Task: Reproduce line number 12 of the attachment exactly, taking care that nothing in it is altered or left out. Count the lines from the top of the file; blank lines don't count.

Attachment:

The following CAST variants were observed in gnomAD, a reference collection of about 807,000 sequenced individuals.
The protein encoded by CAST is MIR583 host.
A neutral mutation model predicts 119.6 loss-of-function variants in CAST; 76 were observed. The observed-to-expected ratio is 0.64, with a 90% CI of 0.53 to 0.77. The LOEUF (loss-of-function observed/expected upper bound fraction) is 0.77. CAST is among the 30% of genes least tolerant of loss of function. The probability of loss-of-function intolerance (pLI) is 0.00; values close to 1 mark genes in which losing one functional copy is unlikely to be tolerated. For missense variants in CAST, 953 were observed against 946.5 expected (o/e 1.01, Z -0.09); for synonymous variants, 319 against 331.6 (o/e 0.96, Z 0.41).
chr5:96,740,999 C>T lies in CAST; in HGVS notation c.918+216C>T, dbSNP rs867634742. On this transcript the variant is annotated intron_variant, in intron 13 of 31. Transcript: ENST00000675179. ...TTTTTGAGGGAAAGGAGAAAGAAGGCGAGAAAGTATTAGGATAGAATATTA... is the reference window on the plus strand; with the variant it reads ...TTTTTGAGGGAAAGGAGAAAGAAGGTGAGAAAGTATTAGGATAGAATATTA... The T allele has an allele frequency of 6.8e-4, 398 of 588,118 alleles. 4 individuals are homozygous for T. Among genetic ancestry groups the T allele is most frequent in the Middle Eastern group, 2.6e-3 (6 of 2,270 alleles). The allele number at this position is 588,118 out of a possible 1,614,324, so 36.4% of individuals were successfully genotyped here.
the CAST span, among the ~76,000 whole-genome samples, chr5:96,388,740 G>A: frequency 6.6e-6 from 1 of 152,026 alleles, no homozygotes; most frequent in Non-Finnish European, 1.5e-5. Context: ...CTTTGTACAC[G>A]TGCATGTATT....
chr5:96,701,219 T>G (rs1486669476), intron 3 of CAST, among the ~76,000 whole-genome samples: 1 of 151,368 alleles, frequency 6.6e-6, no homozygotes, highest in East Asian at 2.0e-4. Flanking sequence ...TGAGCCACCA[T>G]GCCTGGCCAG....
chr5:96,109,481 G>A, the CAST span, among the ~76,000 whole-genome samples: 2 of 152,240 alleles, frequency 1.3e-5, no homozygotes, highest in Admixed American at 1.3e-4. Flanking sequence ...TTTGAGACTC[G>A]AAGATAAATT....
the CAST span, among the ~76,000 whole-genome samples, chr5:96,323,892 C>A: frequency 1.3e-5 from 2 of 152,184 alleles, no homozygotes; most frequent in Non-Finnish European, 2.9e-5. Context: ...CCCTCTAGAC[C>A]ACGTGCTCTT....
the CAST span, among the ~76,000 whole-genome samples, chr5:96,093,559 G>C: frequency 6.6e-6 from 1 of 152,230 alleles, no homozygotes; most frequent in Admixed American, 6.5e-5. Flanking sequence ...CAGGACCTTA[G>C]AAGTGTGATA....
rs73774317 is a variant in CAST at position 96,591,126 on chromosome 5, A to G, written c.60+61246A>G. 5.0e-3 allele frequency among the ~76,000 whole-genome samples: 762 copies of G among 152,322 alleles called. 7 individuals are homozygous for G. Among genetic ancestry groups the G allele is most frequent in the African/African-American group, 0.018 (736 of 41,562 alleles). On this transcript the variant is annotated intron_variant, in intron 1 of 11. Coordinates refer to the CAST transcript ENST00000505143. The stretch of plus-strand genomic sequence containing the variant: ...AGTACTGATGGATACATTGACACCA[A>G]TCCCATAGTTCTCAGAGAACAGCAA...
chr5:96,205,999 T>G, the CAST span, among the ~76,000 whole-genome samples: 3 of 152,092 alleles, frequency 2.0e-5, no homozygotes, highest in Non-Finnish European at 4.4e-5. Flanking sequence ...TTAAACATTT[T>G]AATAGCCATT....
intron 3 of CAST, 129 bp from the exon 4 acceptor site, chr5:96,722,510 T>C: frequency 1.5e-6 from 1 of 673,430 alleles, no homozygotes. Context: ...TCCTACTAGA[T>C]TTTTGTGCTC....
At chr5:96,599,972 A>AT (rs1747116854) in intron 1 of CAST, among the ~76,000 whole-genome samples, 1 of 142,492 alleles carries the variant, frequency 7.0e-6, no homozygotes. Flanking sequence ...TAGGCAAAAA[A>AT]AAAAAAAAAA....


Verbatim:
intron 3 of CAST, 129 bp from the exon 4 acceptor site, chr5:96,722,510 T>C: frequency 1.5e-6 from 1 of 673,430 alleles, no homozygotes. Context: ...TCCTACTAGA[T>C]TTTTGTGCTC....